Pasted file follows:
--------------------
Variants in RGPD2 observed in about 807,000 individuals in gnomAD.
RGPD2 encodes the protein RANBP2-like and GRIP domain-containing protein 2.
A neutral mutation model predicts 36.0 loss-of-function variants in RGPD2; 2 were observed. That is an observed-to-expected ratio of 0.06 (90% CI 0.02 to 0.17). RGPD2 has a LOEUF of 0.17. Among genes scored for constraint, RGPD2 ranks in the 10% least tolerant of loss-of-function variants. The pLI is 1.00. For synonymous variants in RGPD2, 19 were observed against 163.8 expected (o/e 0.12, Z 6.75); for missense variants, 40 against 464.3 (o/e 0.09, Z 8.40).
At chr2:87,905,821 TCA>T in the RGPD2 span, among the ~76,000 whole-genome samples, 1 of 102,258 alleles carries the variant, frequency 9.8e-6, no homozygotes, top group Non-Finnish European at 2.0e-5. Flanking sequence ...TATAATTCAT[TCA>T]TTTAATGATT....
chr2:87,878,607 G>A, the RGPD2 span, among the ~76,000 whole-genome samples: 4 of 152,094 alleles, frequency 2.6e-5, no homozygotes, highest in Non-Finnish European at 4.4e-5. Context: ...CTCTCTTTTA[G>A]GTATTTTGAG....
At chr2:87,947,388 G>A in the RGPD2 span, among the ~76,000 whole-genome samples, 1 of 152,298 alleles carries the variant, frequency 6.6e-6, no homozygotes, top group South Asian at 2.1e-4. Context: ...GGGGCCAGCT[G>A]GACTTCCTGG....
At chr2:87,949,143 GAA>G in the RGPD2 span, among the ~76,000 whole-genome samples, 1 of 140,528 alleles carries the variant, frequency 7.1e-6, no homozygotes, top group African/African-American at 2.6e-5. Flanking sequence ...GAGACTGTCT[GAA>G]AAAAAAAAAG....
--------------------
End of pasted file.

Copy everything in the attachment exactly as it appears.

Variants in RGPD2 observed in about 807,000 individuals in gnomAD.
RGPD2 encodes the protein RANBP2-like and GRIP domain-containing protein 2.
A neutral mutation model predicts 36.0 loss-of-function variants in RGPD2; 2 were observed. That is an observed-to-expected ratio of 0.06 (90% CI 0.02 to 0.17). RGPD2 has a LOEUF of 0.17. Among genes scored for constraint, RGPD2 ranks in the 10% least tolerant of loss-of-function variants. The pLI is 1.00. For synonymous variants in RGPD2, 19 were observed against 163.8 expected (o/e 0.12, Z 6.75); for missense variants, 40 against 464.3 (o/e 0.09, Z 8.40).
At chr2:87,905,821 TCA>T in the RGPD2 span, among the ~76,000 whole-genome samples, 1 of 102,258 alleles carries the variant, frequency 9.8e-6, no homozygotes, top group Non-Finnish European at 2.0e-5. Flanking sequence ...TATAATTCAT[TCA>T]TTTAATGATT....
chr2:87,878,607 G>A, the RGPD2 span, among the ~76,000 whole-genome samples: 4 of 152,094 alleles, frequency 2.6e-5, no homozygotes, highest in Non-Finnish European at 4.4e-5. Context: ...CTCTCTTTTA[G>A]GTATTTTGAG....
At chr2:87,947,388 G>A in the RGPD2 span, among the ~76,000 whole-genome samples, 1 of 152,298 alleles carries the variant, frequency 6.6e-6, no homozygotes, top group South Asian at 2.1e-4. Context: ...GGGGCCAGCT[G>A]GACTTCCTGG....
At chr2:87,949,143 GAA>G in the RGPD2 span, among the ~76,000 whole-genome samples, 1 of 140,528 alleles carries the variant, frequency 7.1e-6, no homozygotes, top group African/African-American at 2.6e-5. Flanking sequence ...GAGACTGTCT[GAA>G]AAAAAAAAAG....